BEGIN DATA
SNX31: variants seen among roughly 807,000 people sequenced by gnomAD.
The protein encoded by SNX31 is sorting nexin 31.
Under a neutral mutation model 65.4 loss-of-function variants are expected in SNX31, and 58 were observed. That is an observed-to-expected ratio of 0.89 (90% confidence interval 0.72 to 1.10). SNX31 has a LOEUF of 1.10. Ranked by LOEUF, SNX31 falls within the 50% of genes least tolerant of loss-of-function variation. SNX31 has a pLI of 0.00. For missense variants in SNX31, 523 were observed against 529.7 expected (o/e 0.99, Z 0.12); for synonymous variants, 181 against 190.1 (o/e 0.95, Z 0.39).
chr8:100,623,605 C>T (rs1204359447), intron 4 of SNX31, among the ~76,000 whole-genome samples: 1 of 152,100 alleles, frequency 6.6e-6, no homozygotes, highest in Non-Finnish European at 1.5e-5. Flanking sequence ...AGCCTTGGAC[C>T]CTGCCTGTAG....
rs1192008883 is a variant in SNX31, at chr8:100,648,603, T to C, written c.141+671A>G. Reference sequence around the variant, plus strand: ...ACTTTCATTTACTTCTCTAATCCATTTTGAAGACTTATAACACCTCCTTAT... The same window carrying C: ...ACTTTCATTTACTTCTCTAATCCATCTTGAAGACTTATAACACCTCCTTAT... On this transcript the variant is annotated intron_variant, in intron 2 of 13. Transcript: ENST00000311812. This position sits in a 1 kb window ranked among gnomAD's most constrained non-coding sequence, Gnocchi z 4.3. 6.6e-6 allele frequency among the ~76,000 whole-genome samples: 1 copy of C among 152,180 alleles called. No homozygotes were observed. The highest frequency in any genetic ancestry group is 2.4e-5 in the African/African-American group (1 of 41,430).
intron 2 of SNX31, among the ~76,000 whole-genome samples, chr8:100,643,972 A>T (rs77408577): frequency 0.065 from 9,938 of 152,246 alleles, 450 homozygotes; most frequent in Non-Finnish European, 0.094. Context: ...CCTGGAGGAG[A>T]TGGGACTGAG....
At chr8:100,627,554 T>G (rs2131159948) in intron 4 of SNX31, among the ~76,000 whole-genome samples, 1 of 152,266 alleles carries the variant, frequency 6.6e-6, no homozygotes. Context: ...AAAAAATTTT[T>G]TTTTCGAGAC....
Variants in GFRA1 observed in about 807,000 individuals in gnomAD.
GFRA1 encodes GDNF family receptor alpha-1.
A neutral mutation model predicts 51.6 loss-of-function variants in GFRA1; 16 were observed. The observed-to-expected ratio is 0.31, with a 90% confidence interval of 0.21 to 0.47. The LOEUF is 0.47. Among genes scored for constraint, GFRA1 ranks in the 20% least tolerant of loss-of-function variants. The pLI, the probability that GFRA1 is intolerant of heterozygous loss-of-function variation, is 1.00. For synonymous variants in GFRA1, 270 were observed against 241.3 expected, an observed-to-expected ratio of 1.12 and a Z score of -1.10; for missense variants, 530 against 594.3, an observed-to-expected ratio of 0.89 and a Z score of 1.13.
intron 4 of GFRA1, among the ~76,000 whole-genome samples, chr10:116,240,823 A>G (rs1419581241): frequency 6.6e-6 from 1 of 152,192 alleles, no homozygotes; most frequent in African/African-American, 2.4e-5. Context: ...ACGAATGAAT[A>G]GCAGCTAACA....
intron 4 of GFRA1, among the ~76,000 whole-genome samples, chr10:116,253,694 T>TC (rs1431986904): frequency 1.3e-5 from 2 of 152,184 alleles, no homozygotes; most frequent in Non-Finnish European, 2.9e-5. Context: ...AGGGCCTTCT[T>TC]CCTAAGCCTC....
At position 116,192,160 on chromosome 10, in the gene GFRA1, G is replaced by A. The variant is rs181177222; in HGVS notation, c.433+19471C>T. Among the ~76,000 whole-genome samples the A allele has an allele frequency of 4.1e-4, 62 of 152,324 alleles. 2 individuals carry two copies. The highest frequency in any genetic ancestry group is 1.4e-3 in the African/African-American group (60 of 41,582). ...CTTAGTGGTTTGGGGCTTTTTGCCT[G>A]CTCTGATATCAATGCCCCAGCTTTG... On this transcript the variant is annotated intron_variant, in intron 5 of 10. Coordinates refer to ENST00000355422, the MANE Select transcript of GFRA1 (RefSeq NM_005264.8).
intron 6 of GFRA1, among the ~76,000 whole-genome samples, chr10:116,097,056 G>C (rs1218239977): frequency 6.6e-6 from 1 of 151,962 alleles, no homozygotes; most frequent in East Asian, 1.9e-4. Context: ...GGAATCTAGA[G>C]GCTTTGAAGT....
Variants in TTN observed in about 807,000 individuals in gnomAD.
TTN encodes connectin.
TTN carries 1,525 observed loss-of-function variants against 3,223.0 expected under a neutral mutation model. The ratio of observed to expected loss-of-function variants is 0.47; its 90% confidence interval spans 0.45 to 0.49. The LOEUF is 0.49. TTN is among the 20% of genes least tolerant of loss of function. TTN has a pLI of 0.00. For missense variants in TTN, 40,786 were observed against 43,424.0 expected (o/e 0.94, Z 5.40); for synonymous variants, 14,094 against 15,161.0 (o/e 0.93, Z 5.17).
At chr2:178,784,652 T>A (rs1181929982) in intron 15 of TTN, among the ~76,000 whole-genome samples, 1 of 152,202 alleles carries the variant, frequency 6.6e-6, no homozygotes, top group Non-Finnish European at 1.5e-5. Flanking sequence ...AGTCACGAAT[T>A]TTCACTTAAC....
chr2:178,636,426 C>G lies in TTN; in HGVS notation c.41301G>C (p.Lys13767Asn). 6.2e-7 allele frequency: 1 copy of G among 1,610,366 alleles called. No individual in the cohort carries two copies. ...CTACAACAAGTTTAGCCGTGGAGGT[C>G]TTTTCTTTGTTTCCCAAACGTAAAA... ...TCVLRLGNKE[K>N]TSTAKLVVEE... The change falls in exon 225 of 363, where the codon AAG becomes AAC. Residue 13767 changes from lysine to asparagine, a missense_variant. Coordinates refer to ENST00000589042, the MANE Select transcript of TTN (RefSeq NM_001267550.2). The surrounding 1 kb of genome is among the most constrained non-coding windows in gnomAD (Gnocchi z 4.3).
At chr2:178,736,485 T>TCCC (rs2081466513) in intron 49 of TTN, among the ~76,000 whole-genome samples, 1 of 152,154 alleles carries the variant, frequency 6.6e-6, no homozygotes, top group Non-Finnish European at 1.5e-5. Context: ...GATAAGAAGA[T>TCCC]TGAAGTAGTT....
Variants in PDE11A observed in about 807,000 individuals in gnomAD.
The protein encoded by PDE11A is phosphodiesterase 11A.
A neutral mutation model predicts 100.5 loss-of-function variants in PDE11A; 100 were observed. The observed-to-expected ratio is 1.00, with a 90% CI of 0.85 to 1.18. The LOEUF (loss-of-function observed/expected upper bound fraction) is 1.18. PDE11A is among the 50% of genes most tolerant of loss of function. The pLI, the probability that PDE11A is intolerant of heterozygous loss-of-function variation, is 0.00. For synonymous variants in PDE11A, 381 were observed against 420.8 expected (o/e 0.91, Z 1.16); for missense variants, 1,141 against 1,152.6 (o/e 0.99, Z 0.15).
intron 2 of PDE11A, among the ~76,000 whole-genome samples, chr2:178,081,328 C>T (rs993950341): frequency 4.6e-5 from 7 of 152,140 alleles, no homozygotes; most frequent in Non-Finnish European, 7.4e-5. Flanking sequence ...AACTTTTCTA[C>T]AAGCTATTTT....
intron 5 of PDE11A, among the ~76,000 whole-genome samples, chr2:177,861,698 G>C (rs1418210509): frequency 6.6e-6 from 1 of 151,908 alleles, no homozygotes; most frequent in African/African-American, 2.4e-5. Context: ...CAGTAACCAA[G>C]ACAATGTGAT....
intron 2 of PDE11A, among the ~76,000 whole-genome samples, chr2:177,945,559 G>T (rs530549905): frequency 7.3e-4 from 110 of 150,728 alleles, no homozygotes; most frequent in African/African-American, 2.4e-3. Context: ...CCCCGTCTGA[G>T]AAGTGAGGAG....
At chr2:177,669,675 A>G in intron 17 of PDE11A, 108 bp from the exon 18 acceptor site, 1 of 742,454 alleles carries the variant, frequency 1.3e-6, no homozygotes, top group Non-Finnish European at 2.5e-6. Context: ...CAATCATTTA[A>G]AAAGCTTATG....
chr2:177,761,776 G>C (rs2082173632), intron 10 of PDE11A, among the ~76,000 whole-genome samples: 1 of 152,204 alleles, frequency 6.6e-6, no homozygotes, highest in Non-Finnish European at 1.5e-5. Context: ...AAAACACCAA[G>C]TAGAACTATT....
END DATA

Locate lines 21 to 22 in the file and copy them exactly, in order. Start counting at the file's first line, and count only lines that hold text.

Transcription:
Variants in PDE11A observed in about 807,000 individuals in gnomAD.
The protein encoded by PDE11A is phosphodiesterase 11A.